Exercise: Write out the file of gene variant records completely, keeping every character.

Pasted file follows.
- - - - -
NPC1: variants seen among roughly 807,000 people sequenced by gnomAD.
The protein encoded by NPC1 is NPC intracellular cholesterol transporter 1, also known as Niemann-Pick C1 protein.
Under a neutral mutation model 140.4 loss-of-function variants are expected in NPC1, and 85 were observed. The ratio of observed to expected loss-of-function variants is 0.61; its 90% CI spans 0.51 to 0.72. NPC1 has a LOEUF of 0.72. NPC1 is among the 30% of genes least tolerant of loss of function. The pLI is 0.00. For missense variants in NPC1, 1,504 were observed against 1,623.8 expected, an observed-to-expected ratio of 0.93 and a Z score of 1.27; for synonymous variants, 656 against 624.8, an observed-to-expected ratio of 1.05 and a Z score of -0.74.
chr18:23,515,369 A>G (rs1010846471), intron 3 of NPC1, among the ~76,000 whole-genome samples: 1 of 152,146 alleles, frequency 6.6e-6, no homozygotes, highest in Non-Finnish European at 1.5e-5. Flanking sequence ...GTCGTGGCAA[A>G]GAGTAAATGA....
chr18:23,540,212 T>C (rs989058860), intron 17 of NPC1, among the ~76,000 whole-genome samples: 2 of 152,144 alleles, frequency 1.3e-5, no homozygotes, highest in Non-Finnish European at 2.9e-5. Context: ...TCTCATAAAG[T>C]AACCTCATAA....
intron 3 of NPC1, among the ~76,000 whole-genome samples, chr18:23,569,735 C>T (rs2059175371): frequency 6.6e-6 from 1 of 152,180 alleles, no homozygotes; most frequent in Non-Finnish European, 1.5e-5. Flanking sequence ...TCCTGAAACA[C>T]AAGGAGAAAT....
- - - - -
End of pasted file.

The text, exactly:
NPC1: variants seen among roughly 807,000 people sequenced by gnomAD.
The protein encoded by NPC1 is NPC intracellular cholesterol transporter 1, also known as Niemann-Pick C1 protein.
Under a neutral mutation model 140.4 loss-of-function variants are expected in NPC1, and 85 were observed. The ratio of observed to expected loss-of-function variants is 0.61; its 90% CI spans 0.51 to 0.72. NPC1 has a LOEUF of 0.72. NPC1 is among the 30% of genes least tolerant of loss of function. The pLI is 0.00. For missense variants in NPC1, 1,504 were observed against 1,623.8 expected, an observed-to-expected ratio of 0.93 and a Z score of 1.27; for synonymous variants, 656 against 624.8, an observed-to-expected ratio of 1.05 and a Z score of -0.74.
chr18:23,515,369 A>G (rs1010846471), intron 3 of NPC1, among the ~76,000 whole-genome samples: 1 of 152,146 alleles, frequency 6.6e-6, no homozygotes, highest in Non-Finnish European at 1.5e-5. Flanking sequence ...GTCGTGGCAA[A>G]GAGTAAATGA....
chr18:23,540,212 T>C (rs989058860), intron 17 of NPC1, among the ~76,000 whole-genome samples: 2 of 152,144 alleles, frequency 1.3e-5, no homozygotes, highest in Non-Finnish European at 2.9e-5. Context: ...TCTCATAAAG[T>C]AACCTCATAA....
intron 3 of NPC1, among the ~76,000 whole-genome samples, chr18:23,569,735 C>T (rs2059175371): frequency 6.6e-6 from 1 of 152,180 alleles, no homozygotes; most frequent in Non-Finnish European, 1.5e-5. Flanking sequence ...TCCTGAAACA[C>T]AAGGAGAAAT....